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Calgary crunches data on new procurement approach

Russell Hixson
Calgary crunches data on new procurement approach
SHUTTERSTOCK — B.C. construction groups gave their thoughts during the consultation process for budget 2023. Their concerns included prompt payment, resilient infrastructure and rising risks.

After more than a year in place, Calgary’s Benefit Driven Procurement (BDP) approach is revealing the impact contractors have on the community.

The policy was operationalized in May 2021 as a way for the city to leverage its dollars by encouraging suppliers to help and support the community. The city has been including what is known as the BDP questionnaire into Requests for Proposals. This questionnaire is about five per cent of the evaluation total and influences which supplier receives the contract.

 

Creating a policy

In 2018, the questionnaire was developed in collaboration with the BDP Advisory Task Force and an external consultant specializing in social procurement.

The questionnaire asks about things like diverse suppliers and socially inclusive supply chains, economic opportunity and integration for underrepresented groups, apprenticeships and paid work experience opportunities, and living wage policy.

Officials stated partnering with suppliers who score high on these questionnaires, such as Chandos and Commercial Truck Equipment, helps the city to continue providing services at the same high quality and value, while identifying businesses who are also committed to improving the community at large.

 

Crunching the data

From Sept. 1, 2021, to June 30, 2022, 79 per cent of the procurement opportunities posted to market included the questionnaire as part of their supplier selection criteria.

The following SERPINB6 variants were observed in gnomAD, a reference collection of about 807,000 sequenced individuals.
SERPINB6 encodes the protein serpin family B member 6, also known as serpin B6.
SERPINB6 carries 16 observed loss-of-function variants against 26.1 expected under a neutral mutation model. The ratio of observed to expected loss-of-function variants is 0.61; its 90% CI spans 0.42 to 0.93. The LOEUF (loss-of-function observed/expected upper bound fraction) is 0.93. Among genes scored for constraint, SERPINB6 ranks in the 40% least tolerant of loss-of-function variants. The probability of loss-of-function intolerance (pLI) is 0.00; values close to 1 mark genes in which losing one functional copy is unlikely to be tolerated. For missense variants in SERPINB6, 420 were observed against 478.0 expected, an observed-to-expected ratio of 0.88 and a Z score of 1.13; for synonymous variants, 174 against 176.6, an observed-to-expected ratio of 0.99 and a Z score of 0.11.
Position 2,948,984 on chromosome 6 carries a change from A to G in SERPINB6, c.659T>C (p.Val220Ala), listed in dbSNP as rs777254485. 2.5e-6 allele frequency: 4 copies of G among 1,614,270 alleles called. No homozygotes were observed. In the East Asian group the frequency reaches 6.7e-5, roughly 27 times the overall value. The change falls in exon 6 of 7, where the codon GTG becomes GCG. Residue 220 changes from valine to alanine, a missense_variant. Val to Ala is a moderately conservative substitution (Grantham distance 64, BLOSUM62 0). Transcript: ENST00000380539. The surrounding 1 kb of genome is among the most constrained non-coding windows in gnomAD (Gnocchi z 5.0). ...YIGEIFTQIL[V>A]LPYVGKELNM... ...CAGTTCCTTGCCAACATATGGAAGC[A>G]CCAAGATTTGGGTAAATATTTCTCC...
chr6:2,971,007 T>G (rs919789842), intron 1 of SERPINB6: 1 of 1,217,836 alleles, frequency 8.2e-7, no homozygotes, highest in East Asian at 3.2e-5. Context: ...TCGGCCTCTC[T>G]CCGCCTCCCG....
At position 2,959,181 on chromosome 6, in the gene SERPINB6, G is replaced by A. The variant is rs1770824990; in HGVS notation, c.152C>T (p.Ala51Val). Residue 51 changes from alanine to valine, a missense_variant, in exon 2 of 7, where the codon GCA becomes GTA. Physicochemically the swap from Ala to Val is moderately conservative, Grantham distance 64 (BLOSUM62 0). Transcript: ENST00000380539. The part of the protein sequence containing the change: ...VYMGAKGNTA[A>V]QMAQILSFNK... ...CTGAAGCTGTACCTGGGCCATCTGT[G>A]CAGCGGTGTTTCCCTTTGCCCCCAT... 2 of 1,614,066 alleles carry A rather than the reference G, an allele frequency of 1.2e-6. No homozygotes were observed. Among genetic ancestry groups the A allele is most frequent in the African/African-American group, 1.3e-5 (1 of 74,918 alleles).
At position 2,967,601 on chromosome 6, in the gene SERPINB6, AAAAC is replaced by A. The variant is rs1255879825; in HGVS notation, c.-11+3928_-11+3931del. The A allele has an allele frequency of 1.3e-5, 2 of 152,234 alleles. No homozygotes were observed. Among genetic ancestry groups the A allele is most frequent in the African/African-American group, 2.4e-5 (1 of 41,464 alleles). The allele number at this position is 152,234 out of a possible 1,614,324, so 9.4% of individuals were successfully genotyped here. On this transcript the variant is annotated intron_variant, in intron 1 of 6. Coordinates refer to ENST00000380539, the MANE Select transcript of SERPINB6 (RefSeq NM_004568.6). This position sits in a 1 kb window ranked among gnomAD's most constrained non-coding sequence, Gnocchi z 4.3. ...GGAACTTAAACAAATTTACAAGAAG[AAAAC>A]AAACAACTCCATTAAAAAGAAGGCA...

Out of that 79 per cent, only two per cent of suppliers did not indicate they were doing any social procurement initiatives.

During this time, the city awarded $228 million of contracted value through the procurements that included the questionnaire.

Here is a breakdown of the approximate contracted value that have been allocated to the targeted outcome areas of the questionnaire:

  • 69 per cent awarded to small- or medium-sized enterprises.
  • 80 per cent had apprenticeships (only applies to construction contracts), of which 46 per cent targeted
  • underrepresented groups.
  • 84 per cent have work experience opportunities, of which 56 per cent target underrepresented groups.
  • 86 per cent have committed to paying a living wage, of which 15 per cent have a living wage policy.
  • 62 per cent have shown advancement for the integration of underrepresented groups in the workforce in the last three years.

According to the city, the questionnaire responses have shown a steady increase in the number of potential suppliers who indicate they are advancing or planning to advance their work in the social targeted areas that are identified in the questionnaire.

 

Improving the process

“The Benefit Driven Procurement Program has increased awareness within our supplier base to work on social aspects of procurement,” said Amit Patil, director of supply management. “The city’s expectation to look beyond the cost of procurement has been well received by industry.”

The city intends to continuously improve the program including creating a digital version of the questionnaire, developing a list of underrepresented potential suppliers for the city to use, identifying high-impact categories of potential spending and establishing additional benchmarks and performance measures to track and demonstrate the impact BDP is having.

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